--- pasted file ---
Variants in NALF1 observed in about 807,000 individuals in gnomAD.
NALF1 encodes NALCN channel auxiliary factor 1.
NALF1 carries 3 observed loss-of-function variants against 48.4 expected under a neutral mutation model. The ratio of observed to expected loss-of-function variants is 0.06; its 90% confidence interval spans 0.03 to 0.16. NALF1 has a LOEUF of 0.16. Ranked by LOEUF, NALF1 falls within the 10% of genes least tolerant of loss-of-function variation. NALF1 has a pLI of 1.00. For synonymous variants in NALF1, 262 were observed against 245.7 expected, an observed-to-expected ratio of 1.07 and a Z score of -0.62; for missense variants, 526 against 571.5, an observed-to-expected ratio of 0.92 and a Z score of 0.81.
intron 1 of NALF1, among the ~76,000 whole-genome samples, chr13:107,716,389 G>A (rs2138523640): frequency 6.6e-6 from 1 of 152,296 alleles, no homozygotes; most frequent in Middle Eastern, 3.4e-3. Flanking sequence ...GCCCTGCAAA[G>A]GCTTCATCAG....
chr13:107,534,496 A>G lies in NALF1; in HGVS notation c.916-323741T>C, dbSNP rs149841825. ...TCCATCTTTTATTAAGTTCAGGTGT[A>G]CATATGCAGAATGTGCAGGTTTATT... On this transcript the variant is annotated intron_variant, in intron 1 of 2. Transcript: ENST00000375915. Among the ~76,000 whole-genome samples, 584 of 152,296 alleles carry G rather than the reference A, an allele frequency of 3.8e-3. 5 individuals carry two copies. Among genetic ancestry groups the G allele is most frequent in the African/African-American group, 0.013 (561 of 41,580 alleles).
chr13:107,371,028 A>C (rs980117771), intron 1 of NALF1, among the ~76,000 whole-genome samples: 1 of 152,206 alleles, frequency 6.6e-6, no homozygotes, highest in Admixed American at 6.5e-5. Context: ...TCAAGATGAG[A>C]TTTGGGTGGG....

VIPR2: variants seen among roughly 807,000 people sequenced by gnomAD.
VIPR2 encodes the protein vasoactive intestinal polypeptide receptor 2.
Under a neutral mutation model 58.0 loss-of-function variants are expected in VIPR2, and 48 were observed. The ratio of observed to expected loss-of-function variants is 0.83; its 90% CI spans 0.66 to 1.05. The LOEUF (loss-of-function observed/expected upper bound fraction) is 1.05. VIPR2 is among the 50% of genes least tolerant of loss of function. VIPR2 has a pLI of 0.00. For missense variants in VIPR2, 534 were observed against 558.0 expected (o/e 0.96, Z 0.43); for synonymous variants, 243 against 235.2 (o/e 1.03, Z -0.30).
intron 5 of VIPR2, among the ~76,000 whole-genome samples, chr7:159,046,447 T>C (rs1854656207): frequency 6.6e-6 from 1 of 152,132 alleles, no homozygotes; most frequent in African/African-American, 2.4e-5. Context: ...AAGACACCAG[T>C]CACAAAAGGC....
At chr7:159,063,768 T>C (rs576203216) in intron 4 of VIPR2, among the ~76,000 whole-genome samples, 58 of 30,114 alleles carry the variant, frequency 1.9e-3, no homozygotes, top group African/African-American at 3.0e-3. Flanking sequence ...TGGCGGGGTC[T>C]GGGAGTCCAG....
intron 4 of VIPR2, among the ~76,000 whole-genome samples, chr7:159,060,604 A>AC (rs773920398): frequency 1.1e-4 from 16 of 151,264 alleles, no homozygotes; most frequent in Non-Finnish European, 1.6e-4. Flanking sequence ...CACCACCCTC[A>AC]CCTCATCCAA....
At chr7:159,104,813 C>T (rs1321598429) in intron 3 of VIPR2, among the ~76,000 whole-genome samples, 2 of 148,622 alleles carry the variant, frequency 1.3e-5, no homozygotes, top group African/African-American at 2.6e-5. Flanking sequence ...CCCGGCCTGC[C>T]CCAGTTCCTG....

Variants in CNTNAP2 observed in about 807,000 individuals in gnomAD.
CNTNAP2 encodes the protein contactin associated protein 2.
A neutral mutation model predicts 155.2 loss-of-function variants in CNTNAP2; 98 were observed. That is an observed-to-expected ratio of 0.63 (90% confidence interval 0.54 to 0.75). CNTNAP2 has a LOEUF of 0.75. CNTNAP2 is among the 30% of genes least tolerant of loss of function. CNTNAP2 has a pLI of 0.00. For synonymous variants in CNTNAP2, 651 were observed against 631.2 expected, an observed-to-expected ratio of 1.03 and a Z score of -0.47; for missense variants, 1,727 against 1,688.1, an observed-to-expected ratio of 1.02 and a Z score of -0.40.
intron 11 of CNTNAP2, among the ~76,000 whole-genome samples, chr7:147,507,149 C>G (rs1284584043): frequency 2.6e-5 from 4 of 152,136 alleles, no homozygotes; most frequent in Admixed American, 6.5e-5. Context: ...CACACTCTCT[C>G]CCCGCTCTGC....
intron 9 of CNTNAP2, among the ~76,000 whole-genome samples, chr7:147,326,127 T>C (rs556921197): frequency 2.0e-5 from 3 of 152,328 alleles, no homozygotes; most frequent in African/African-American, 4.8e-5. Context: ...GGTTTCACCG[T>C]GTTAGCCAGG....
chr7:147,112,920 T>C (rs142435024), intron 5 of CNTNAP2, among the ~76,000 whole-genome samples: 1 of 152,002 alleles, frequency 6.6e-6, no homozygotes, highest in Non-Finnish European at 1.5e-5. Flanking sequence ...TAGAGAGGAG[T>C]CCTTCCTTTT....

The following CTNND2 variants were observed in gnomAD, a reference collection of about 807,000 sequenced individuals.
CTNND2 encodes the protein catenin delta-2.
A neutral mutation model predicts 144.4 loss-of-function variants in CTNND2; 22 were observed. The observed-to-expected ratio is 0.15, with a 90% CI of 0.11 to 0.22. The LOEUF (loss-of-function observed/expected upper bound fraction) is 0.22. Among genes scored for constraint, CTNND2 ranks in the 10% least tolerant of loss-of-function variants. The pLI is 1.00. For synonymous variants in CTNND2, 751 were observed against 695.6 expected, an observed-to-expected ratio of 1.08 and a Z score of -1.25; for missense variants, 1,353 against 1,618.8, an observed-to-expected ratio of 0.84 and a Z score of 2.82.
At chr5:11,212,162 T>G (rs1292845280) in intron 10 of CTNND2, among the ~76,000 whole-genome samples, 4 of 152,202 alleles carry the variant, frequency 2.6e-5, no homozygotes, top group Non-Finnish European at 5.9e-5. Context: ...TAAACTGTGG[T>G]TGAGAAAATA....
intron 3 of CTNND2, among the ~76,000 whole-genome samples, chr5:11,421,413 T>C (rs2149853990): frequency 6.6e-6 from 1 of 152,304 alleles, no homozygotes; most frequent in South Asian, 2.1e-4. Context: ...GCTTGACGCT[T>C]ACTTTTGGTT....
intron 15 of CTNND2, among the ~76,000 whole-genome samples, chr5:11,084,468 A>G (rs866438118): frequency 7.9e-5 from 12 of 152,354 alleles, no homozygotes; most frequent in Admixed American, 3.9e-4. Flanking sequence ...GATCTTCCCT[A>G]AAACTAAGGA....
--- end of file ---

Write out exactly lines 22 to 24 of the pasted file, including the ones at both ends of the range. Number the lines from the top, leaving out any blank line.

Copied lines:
A neutral mutation model predicts 144.4 loss-of-function variants in CTNND2; 22 were observed. The observed-to-expected ratio is 0.15, with a 90% CI of 0.11 to 0.22. The LOEUF (loss-of-function observed/expected upper bound fraction) is 0.22. Among genes scored for constraint, CTNND2 ranks in the 10% least tolerant of loss-of-function variants. The pLI is 1.00. For synonymous variants in CTNND2, 751 were observed against 695.6 expected, an observed-to-expected ratio of 1.08 and a Z score of -1.25; for missense variants, 1,353 against 1,618.8, an observed-to-expected ratio of 0.84 and a Z score of 2.82.
At chr5:11,212,162 T>G (rs1292845280) in intron 10 of CTNND2, among the ~76,000 whole-genome samples, 4 of 152,202 alleles carry the variant, frequency 2.6e-5, no homozygotes, top group Non-Finnish European at 5.9e-5. Context: ...TAAACTGTGG[T>G]TGAGAAAATA....
intron 3 of CTNND2, among the ~76,000 whole-genome samples, chr5:11,421,413 T>C (rs2149853990): frequency 6.6e-6 from 1 of 152,304 alleles, no homozygotes; most frequent in South Asian, 2.1e-4. Context: ...GCTTGACGCT[T>C]ACTTTTGGTT....